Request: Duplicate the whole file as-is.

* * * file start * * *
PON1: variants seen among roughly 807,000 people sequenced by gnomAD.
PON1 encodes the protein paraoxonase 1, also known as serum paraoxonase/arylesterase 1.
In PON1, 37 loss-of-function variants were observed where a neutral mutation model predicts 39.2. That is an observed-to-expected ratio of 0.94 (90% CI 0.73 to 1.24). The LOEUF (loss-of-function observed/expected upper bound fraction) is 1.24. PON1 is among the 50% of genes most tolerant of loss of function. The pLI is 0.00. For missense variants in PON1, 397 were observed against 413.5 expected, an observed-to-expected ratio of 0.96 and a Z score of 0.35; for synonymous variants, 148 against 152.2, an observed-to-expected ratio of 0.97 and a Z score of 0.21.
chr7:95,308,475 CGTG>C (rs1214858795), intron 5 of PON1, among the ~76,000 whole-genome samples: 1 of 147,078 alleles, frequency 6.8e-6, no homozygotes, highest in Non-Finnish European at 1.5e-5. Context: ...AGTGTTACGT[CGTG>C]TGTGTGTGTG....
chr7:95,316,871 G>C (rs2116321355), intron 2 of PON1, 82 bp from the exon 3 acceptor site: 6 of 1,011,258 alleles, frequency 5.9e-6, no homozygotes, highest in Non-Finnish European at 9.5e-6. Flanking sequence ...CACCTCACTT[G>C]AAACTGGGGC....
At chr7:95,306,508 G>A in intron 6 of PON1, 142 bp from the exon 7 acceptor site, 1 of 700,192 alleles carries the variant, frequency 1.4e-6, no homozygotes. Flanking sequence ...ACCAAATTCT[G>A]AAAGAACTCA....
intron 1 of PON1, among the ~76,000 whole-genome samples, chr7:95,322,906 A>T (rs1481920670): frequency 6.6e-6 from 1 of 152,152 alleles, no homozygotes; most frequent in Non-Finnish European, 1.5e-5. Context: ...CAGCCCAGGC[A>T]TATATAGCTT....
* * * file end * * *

PON1: variants seen among roughly 807,000 people sequenced by gnomAD.
PON1 encodes the protein paraoxonase 1, also known as serum paraoxonase/arylesterase 1.
In PON1, 37 loss-of-function variants were observed where a neutral mutation model predicts 39.2. That is an observed-to-expected ratio of 0.94 (90% CI 0.73 to 1.24). The LOEUF (loss-of-function observed/expected upper bound fraction) is 1.24. PON1 is among the 50% of genes most tolerant of loss of function. The pLI is 0.00. For missense variants in PON1, 397 were observed against 413.5 expected, an observed-to-expected ratio of 0.96 and a Z score of 0.35; for synonymous variants, 148 against 152.2, an observed-to-expected ratio of 0.97 and a Z score of 0.21.
chr7:95,308,475 CGTG>C (rs1214858795), intron 5 of PON1, among the ~76,000 whole-genome samples: 1 of 147,078 alleles, frequency 6.8e-6, no homozygotes, highest in Non-Finnish European at 1.5e-5. Context: ...AGTGTTACGT[CGTG>C]TGTGTGTGTG....
chr7:95,316,871 G>C (rs2116321355), intron 2 of PON1, 82 bp from the exon 3 acceptor site: 6 of 1,011,258 alleles, frequency 5.9e-6, no homozygotes, highest in Non-Finnish European at 9.5e-6. Flanking sequence ...CACCTCACTT[G>C]AAACTGGGGC....
At chr7:95,306,508 G>A in intron 6 of PON1, 142 bp from the exon 7 acceptor site, 1 of 700,192 alleles carries the variant, frequency 1.4e-6, no homozygotes. Flanking sequence ...ACCAAATTCT[G>A]AAAGAACTCA....
intron 1 of PON1, among the ~76,000 whole-genome samples, chr7:95,322,906 A>T (rs1481920670): frequency 6.6e-6 from 1 of 152,152 alleles, no homozygotes; most frequent in Non-Finnish European, 1.5e-5. Context: ...CAGCCCAGGC[A>T]TATATAGCTT....